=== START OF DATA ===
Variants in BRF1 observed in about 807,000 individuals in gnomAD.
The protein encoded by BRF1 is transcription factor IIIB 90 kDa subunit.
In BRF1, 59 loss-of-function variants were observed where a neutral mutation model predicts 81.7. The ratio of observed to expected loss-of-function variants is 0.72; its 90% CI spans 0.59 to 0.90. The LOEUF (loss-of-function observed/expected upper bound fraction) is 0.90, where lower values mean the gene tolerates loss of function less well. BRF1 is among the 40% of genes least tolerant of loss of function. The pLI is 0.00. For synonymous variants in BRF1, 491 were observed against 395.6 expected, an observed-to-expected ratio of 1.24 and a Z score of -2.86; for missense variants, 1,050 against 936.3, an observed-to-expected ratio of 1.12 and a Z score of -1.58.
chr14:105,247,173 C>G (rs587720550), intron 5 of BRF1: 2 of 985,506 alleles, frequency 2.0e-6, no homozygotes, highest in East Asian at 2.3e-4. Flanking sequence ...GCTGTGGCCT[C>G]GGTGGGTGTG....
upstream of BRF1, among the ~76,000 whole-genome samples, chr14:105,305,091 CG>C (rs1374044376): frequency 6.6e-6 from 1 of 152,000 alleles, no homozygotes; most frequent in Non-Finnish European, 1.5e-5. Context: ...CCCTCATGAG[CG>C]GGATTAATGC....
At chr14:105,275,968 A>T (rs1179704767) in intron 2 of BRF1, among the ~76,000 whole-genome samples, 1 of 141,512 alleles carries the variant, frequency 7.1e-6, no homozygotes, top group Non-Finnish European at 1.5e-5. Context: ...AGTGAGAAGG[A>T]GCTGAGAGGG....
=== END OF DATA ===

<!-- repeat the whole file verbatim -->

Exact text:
Variants in BRF1 observed in about 807,000 individuals in gnomAD.
The protein encoded by BRF1 is transcription factor IIIB 90 kDa subunit.
In BRF1, 59 loss-of-function variants were observed where a neutral mutation model predicts 81.7. The ratio of observed to expected loss-of-function variants is 0.72; its 90% CI spans 0.59 to 0.90. The LOEUF (loss-of-function observed/expected upper bound fraction) is 0.90, where lower values mean the gene tolerates loss of function less well. BRF1 is among the 40% of genes least tolerant of loss of function. The pLI is 0.00. For synonymous variants in BRF1, 491 were observed against 395.6 expected, an observed-to-expected ratio of 1.24 and a Z score of -2.86; for missense variants, 1,050 against 936.3, an observed-to-expected ratio of 1.12 and a Z score of -1.58.
chr14:105,247,173 C>G (rs587720550), intron 5 of BRF1: 2 of 985,506 alleles, frequency 2.0e-6, no homozygotes, highest in East Asian at 2.3e-4. Flanking sequence ...GCTGTGGCCT[C>G]GGTGGGTGTG....
upstream of BRF1, among the ~76,000 whole-genome samples, chr14:105,305,091 CG>C (rs1374044376): frequency 6.6e-6 from 1 of 152,000 alleles, no homozygotes; most frequent in Non-Finnish European, 1.5e-5. Context: ...CCCTCATGAG[CG>C]GGATTAATGC....
At chr14:105,275,968 A>T (rs1179704767) in intron 2 of BRF1, among the ~76,000 whole-genome samples, 1 of 141,512 alleles carries the variant, frequency 7.1e-6, no homozygotes, top group Non-Finnish European at 1.5e-5. Context: ...AGTGAGAAGG[A>T]GCTGAGAGGG....